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Lamb kidneys...beef tongue & lamb belly

post #1 of 4
Thread Starter 

I've gotten my hands on some beautiful local lamb kidneys, lamb belly and beef tongue...looking for some delicious new recipes...any one have some amazing ones?

post #2 of 4

Here's a thread from the "repertoire" on lamb kidneys:




Does begin to address what you are looking for?



post #3 of 4

Also from the "repertoire," here is a thread on beef tongue/how to make it:




post #4 of 4

Ox tongue as we called it brings back memories! Let's say in my country it was a dish served at many feasty occasions when I was quite younger. It's very authentic for Flanders where I live and the very North of France. Simply delicious and relatively easy to make.


Oxtongue in Madeira sauce

Stage 1; cooking the tongue

Put the tongue in cold water only and bring to a boil for 5 minutes. Get rid of the cooking water and rinse the tongue under cold water. This procedure is often used in making bouillons of any kind with any meat; it eleminates most impurities in a few minutes and prevents the bouillon from going bitter!!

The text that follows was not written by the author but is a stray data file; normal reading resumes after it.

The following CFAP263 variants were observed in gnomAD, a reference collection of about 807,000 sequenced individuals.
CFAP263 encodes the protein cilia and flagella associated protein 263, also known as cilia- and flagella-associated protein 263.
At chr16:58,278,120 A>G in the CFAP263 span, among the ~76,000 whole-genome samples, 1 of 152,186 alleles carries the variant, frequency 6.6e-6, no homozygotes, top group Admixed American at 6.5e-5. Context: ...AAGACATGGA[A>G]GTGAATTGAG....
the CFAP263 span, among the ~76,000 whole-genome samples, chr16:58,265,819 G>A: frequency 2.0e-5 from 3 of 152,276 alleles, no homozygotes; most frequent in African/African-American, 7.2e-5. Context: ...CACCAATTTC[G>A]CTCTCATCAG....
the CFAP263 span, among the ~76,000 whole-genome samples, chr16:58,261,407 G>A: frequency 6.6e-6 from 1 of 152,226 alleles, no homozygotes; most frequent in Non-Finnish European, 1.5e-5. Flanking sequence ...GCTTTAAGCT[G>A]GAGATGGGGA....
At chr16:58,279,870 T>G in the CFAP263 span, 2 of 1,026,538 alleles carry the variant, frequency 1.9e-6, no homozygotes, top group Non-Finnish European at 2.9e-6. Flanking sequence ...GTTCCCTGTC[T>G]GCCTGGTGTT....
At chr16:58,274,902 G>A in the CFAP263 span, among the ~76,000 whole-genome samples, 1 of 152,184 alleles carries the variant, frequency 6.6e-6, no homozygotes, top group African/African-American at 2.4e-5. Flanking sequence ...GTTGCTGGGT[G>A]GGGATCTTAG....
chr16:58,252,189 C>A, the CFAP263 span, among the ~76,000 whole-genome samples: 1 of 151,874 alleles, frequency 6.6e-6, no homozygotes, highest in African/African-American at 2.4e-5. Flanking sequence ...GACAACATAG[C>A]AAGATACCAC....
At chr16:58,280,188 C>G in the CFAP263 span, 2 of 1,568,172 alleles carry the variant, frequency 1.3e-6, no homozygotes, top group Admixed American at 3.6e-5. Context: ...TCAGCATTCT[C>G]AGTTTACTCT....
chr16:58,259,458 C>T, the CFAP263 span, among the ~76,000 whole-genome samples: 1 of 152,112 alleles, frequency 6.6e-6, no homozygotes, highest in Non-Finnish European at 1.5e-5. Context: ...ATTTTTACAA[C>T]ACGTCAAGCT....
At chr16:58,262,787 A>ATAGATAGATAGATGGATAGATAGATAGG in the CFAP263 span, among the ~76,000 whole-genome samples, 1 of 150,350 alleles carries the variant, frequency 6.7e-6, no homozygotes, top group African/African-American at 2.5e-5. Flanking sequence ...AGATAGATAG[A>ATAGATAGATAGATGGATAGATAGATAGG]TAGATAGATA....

Refill the cooking pot with cold water, the beef tongue, roughly chopped veggies; onion, carrot, celery, leaks. Add thyme, bay leaf, a little salt, some black pepper corns and bring to a simmer. Depending on the size of the tongue it will need to simmer for 2-3 hours or longer. Test it with a fork or a knife and see if it gets in easily. The tongue needs to be really soft! Let cool for a while and peel the tongue. Cut the back part off, that is not used. Slice the tongue in 5 mm thin slices. Keep the bouillon, you need it for the sauce.


Stage 2; Make the Madeira sauce (was often called "sauce tortue" in french which means.. turtle sauce)

Make a roux with butter and flour. Add cooled strained bouillon a ladle at a time until the right consistency. Add 2 or more tbsp of tomato paste. Let the sauce cook for a while. Add a glass of Madeira wine (could be replaced by port wine) and let simmer some more.


Cut champignons (button mushrooms) in slices or quarters. You can fry them first in butter with a shallot (I prefer that procedure), but the champignons were many times added raw to the sauce and cooked in there.

In my region they also often added a small handful of chopped pickled gurkins (the very small ones). Some added a small dash of cream (stir in immediately but don't cook the sauce any more after this!!).

The tongue slices were warmed in the sauce. Served with potato purée but mostly with homemade potato croquettes.


Have fun and don't forget to invite me!


PS Buy a small bottle of real Madeira wine instead of port! It's pricey but keeps like forever, even when opened. Absolutey perfect companion in any mushroom dish!! Madeira is a must have in any kitchen imo.

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